There were many memorable scenes:

  • the opening World War I scenes: the Jewish soldier trying to escape an unexploded Big Bertha shell-projectile, and flying upside down in an airplane
  • Hynkel's rally speech, delivered with gibberish German-English double-talk and gutteral sounds, coughing fits and dictatorial hand gestures
  • the 'Double-Cross' Storm-troopers' assault on the Jewish ghetto in Tomainia, and the Jewish barber's resistance (with the help of Hannah)
  • Hynkel graceful dance ("pas de deux") in a ballet-like sequence, when he delicately tossed around an inflated world globe balloon (of Planet Earth) to the tune of the Overture (Act 1) of Richard Wagner's Lohengrin - a visual, satirical metaphor of his dream to dominate the world. [Note: Lohengrin was Hitler's favorite Wagnerian opera.]
  • the barber's shaving of a customer in time to a radio broadcast of Brahms' Hungarian Dance No. 5
  • the funny but tense pudding-coin scene - to identify one resistance member to engage in a suicide mission to blow up Hynkel's palace
  • the meeting between Hynkel and Napaloni, including their Palace office visit, their competition to get higher in adjoining, ascending barber chairs, and their comedic cream-cake fight during the evening's Grand Ball
  • the concluding, lengthy, powerful and impassioned six-minute speech; the barber (disguised and impersonating Hynkel) at the time of the celebration of the conquering of Osterlich (Austria) after an invasion, delivered a message about hope, peace, understanding, world tolerance and human rights; he called for the end of dictatorial tyranny (often interpreted as Chaplin's own plea delivered in his own voice).

Other US films (some were known as 'Holocaust comedies') that took satirical aim at Hitler's rise to power and personally ridiculed him at the time included:

  • The Three Stooges' short two-reel comedy You Nazty Spy! (1940), filmed in 1939, with Moe Howard parodying Hitler; it was released in late January of 1940, nine months before the Charlie Chaplin film, and has been noted as the first Hollywood film to spoof Hitler; it spawned a sequel I'll Never Heil Again (1941)
  • MGM's war-time drama The Mortal Storm (1940)
  • Ernst Lubitsch's screwball black comedy To Be or Not to Be (1942)

The film was produced at a cost of between $1.5 and $2 million and was possibly Chaplin's most expensive film. It was difficult for it to recoup its production costs due to the fact of its limited distribution throughout Europe. However, it became Chaplin's highest-grossing and most profitable film ($5 million worldwide). Although it didn't win any awards, it earned Chaplin three Oscar nominations from its five nominations, including Best Picture, Best Actor (Charlie Chaplin), Best Supporting Actor (Jack Oakie), Best Screenplay (Charlie Chaplin), and Best Score (Meredith Willson). Charlie Chaplin was the first to ever receive three simultaneous nominations, as producer, actor, and screenwriter for a film. Its competition was formidable: it lost the Best Picture Oscar to Hitchcock's Rebecca (1940), Best Actor to James Stewart in The Philadelphia Story (1940), and Best Supporting Actor to Walter Brennan in The Westerner (1940).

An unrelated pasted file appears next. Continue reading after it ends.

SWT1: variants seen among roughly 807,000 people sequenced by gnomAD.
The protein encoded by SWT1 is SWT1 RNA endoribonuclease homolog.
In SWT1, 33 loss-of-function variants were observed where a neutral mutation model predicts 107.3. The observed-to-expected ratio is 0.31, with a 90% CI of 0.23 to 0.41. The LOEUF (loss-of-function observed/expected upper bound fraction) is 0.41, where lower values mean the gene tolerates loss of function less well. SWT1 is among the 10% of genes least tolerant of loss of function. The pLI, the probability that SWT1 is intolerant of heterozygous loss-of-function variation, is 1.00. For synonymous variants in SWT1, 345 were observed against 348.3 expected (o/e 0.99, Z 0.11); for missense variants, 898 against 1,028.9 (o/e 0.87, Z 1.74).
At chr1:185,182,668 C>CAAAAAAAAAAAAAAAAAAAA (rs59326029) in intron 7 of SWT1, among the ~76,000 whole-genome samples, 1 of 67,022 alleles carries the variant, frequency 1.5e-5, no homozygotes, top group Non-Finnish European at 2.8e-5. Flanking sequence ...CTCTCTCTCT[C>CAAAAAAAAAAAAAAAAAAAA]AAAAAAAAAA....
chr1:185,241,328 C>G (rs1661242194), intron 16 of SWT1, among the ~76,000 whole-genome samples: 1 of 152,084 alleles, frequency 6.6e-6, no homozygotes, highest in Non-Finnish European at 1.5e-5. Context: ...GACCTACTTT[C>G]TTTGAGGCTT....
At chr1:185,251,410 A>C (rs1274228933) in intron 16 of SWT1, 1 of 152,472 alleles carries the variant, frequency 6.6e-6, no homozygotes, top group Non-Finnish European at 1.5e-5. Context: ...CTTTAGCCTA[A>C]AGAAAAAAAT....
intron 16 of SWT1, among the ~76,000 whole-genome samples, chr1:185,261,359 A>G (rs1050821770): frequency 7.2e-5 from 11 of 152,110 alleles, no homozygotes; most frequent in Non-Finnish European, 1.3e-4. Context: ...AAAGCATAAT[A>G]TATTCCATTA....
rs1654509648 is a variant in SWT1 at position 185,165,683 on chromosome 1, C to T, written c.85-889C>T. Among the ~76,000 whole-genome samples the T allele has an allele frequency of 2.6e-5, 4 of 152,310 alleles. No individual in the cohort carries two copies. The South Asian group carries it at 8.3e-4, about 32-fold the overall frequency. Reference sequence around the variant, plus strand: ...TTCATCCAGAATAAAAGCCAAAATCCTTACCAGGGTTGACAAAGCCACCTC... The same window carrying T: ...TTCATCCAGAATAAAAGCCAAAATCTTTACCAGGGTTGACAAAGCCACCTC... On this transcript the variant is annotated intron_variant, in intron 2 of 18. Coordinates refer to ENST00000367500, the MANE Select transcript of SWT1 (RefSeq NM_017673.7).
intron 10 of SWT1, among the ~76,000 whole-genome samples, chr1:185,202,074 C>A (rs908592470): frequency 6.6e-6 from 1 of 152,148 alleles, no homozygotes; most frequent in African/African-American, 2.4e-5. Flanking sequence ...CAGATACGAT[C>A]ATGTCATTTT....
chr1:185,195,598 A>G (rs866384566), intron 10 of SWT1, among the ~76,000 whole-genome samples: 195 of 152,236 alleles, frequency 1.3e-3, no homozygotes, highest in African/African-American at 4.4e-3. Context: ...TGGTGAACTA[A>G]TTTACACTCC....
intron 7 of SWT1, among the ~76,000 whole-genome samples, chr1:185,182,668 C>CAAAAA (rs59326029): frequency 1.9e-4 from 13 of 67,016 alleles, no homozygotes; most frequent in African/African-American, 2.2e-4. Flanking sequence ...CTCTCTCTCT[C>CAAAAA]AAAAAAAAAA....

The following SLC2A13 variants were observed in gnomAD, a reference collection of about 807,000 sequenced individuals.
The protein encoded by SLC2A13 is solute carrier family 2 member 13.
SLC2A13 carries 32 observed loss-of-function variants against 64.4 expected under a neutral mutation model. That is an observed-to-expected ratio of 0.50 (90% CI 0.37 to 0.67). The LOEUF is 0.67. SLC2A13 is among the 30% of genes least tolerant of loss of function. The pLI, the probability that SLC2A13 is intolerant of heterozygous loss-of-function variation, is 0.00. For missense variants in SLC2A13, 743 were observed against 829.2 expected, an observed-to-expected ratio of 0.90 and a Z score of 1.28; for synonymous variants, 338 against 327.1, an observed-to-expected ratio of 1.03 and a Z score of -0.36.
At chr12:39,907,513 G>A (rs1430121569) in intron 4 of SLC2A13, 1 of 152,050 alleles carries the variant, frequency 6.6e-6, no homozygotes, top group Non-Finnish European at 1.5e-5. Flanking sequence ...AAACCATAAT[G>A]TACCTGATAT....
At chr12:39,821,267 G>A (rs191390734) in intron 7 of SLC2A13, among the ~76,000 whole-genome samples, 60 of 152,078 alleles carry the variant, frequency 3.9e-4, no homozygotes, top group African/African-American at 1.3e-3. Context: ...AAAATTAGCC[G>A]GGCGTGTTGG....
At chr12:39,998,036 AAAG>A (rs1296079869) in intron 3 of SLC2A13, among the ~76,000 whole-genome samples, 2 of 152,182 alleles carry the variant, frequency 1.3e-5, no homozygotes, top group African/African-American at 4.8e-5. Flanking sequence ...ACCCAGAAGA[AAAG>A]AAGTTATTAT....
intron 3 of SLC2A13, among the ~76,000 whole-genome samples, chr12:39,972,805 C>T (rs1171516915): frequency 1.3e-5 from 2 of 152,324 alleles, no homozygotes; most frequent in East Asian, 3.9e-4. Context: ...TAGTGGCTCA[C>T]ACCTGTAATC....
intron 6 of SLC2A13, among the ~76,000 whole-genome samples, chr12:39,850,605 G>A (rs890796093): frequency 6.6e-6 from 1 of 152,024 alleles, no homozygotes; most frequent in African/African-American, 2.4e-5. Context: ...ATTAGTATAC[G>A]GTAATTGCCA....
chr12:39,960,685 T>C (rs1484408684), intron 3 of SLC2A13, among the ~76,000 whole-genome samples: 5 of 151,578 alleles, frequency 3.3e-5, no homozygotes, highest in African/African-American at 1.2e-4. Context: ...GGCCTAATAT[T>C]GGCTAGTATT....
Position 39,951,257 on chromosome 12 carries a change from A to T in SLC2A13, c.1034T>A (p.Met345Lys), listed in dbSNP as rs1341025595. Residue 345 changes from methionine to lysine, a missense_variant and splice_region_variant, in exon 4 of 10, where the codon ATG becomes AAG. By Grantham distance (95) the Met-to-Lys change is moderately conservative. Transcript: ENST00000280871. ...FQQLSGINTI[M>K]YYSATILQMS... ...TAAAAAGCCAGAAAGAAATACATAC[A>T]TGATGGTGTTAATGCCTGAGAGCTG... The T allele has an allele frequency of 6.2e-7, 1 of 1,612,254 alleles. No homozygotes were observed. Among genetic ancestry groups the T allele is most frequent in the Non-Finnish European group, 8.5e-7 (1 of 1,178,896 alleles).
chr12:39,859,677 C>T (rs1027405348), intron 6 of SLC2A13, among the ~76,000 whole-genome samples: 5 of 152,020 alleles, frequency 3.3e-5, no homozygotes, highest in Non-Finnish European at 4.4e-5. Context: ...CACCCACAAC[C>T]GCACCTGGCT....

The Story

Opening Title Credits:

After the credits, one of the inter-titles provided a disclaimer: "Any resemblance between Hynkel the dictator and the Jewish barber is purely co-incidental." A prologue followed, describing the main setting of post World War I - a time of horrific destruction, senseless death, and war machines:

This is a story of a period between two World Wars - an interim in which Insanity cut loose, Liberty took a nose dive, and Humanity was kicked around somewhat.

The World War - 1918:

In the trenches of no-man's land criss-crossed with barbed wire, explosions rocked the barren landscape amidst cannon fire. During battle in the last few months of 'The Great War' in 1918, the narrator described the scene:

In the last year of the World War in which many a nation began to weaken, behind her lines, a revolution had broken out. Her diplomats were frantically suing for peace, while at the front, Tomainia's army fought on, confident its war machine was invincible, confident its war machine would smash the enemy's lines. Big Bertha, a cannon that could hurl a projectile a 100 miles, was this day to make its first appearance on the Western Front, was this day to strike terror into the hearts of the enemy. 75 miles away was her target: the cathedral of Notre-Dame.

The army of Tomainia, in the last days of the war in 1918, unveiled its ultimate weapon - a gigantic cannon known as Big Bertha, supervised by a Gunnery Officer (Leyland Hodgson). It was loaded with an explosive projectile directed to bomb Paris' Notre-Dame Cathedral about 75 miles away. Helping to man the gun and fighting in the 21st artillery for the fictional nation of Tomainia (one of the Central Powers fighting against the Allied Powers) was an unnamed, mustached Jewish soldier (Charlie Chaplin), who would become involved in a series of physical sight-gags on the battlefield. After the range of 95,452 feet was determined, the first shell was fired - and the errant, faulty bomb destroyed a nearby outhouse. The second projectile was a "defective shell" that barely discharged out of the cannon barrel.